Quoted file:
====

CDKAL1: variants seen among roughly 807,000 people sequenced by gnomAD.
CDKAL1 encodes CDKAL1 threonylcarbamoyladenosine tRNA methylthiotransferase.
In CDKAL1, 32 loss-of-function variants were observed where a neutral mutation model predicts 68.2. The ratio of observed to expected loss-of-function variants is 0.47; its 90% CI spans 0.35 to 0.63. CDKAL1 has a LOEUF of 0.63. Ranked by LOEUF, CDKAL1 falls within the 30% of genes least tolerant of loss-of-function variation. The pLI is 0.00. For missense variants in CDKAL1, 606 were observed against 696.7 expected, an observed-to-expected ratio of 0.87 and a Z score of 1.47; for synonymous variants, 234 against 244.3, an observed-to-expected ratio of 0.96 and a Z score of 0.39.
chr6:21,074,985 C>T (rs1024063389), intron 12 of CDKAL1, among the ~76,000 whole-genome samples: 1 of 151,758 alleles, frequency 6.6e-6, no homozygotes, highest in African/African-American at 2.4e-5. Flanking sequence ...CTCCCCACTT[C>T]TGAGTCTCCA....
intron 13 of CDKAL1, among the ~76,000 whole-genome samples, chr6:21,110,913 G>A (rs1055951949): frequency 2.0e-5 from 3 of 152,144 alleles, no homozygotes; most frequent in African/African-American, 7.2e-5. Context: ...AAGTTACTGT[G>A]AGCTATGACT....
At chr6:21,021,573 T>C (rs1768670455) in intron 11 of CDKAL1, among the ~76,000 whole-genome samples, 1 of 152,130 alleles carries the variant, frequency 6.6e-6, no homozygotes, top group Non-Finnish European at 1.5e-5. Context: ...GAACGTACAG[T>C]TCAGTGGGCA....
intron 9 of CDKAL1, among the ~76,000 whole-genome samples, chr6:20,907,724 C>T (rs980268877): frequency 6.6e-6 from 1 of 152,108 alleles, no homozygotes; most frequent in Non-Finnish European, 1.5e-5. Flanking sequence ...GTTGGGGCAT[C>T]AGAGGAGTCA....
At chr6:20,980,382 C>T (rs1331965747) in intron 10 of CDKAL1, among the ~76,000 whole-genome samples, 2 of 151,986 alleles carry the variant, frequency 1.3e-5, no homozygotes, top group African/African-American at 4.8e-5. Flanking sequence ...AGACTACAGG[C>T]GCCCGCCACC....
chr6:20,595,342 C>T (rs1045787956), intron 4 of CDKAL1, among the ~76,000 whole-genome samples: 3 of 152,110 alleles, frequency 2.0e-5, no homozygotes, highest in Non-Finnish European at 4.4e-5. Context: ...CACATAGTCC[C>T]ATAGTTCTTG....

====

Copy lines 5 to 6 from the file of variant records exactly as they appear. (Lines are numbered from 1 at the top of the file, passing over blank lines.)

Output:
intron 13 of CDKAL1, among the ~76,000 whole-genome samples, chr6:21,110,913 G>A (rs1055951949): frequency 2.0e-5 from 3 of 152,144 alleles, no homozygotes; most frequent in African/African-American, 7.2e-5. Context: ...AAGTTACTGT[G>A]AGCTATGACT....
At chr6:21,021,573 T>C (rs1768670455) in intron 11 of CDKAL1, among the ~76,000 whole-genome samples, 1 of 152,130 alleles carries the variant, frequency 6.6e-6, no homozygotes, top group Non-Finnish European at 1.5e-5. Context: ...GAACGTACAG[T>C]TCAGTGGGCA....